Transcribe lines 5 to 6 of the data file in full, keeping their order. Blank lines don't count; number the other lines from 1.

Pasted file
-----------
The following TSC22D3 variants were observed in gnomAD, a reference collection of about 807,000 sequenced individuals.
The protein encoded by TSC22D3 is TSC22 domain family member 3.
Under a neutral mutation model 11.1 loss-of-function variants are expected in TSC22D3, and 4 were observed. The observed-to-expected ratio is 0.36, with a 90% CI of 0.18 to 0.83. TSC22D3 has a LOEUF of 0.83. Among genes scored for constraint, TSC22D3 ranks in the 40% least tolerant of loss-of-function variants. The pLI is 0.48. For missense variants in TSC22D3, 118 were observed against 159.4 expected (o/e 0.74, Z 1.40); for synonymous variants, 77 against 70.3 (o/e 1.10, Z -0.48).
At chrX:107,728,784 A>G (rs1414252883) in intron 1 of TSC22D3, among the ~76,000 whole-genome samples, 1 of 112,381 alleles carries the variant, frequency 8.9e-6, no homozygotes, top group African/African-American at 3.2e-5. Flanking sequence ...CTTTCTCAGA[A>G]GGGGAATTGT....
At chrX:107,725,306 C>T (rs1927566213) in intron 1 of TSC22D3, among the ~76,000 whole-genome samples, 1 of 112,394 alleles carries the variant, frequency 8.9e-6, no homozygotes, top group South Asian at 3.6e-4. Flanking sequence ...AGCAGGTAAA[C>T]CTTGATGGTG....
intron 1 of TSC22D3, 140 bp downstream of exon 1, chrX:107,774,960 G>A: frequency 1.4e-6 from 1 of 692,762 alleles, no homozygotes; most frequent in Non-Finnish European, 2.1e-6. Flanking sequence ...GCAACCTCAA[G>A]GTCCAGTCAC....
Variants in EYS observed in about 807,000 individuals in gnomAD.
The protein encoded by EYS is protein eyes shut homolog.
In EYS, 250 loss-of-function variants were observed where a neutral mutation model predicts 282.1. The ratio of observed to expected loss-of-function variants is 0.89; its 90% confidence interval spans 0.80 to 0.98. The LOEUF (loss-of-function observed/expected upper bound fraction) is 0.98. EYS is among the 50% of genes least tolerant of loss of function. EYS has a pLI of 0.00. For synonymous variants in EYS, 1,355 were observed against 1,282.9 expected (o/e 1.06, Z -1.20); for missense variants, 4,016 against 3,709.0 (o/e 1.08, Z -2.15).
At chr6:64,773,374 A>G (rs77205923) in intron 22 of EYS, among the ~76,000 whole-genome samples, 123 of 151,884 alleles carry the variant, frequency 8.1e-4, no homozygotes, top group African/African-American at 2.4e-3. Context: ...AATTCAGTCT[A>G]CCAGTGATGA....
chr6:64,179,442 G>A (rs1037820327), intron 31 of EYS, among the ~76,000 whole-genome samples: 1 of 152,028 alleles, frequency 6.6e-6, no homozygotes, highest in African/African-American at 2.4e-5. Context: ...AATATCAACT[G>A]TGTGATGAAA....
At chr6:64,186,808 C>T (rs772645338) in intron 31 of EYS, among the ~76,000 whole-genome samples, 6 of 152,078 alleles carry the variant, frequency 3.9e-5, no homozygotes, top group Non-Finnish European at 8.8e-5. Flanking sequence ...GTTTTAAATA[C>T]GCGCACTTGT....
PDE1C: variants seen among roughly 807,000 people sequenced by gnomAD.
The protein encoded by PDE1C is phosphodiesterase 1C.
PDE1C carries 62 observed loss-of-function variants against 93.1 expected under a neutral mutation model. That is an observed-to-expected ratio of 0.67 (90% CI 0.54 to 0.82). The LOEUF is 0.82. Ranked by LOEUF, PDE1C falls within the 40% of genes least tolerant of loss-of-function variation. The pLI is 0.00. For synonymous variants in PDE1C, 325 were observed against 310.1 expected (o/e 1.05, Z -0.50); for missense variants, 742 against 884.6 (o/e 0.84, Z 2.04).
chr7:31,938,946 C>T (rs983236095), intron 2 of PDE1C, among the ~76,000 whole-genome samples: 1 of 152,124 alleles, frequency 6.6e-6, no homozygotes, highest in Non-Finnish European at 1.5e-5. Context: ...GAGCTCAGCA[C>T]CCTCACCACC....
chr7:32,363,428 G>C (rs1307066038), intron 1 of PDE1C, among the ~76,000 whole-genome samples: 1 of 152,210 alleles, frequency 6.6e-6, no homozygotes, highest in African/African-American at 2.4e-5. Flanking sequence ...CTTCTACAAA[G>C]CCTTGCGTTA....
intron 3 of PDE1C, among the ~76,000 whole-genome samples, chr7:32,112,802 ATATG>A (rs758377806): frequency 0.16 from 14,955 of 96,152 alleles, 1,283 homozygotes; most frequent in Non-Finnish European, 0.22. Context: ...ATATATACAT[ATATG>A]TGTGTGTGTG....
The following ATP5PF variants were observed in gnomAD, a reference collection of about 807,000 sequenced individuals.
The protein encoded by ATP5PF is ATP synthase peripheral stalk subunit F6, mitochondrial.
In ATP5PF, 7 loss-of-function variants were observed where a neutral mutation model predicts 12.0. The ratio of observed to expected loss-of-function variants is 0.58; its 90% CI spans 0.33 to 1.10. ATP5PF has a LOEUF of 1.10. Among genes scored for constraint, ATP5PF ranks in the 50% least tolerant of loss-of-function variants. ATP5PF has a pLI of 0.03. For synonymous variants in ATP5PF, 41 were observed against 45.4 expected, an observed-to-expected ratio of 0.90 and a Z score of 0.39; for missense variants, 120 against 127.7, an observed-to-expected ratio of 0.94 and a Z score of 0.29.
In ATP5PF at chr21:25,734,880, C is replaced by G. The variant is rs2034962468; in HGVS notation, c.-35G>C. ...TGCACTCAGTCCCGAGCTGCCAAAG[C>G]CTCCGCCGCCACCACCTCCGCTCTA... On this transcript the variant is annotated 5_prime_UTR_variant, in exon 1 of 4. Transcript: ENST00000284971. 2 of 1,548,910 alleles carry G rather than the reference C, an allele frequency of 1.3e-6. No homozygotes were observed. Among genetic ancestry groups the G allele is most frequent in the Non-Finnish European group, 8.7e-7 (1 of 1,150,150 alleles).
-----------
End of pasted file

At chrX:107,725,306 C>T (rs1927566213) in intron 1 of TSC22D3, among the ~76,000 whole-genome samples, 1 of 112,394 alleles carries the variant, frequency 8.9e-6, no homozygotes, top group South Asian at 3.6e-4. Flanking sequence ...AGCAGGTAAA[C>T]CTTGATGGTG....
intron 1 of TSC22D3, 140 bp downstream of exon 1, chrX:107,774,960 G>A: frequency 1.4e-6 from 1 of 692,762 alleles, no homozygotes; most frequent in Non-Finnish European, 2.1e-6. Flanking sequence ...GCAACCTCAA[G>A]GTCCAGTCAC....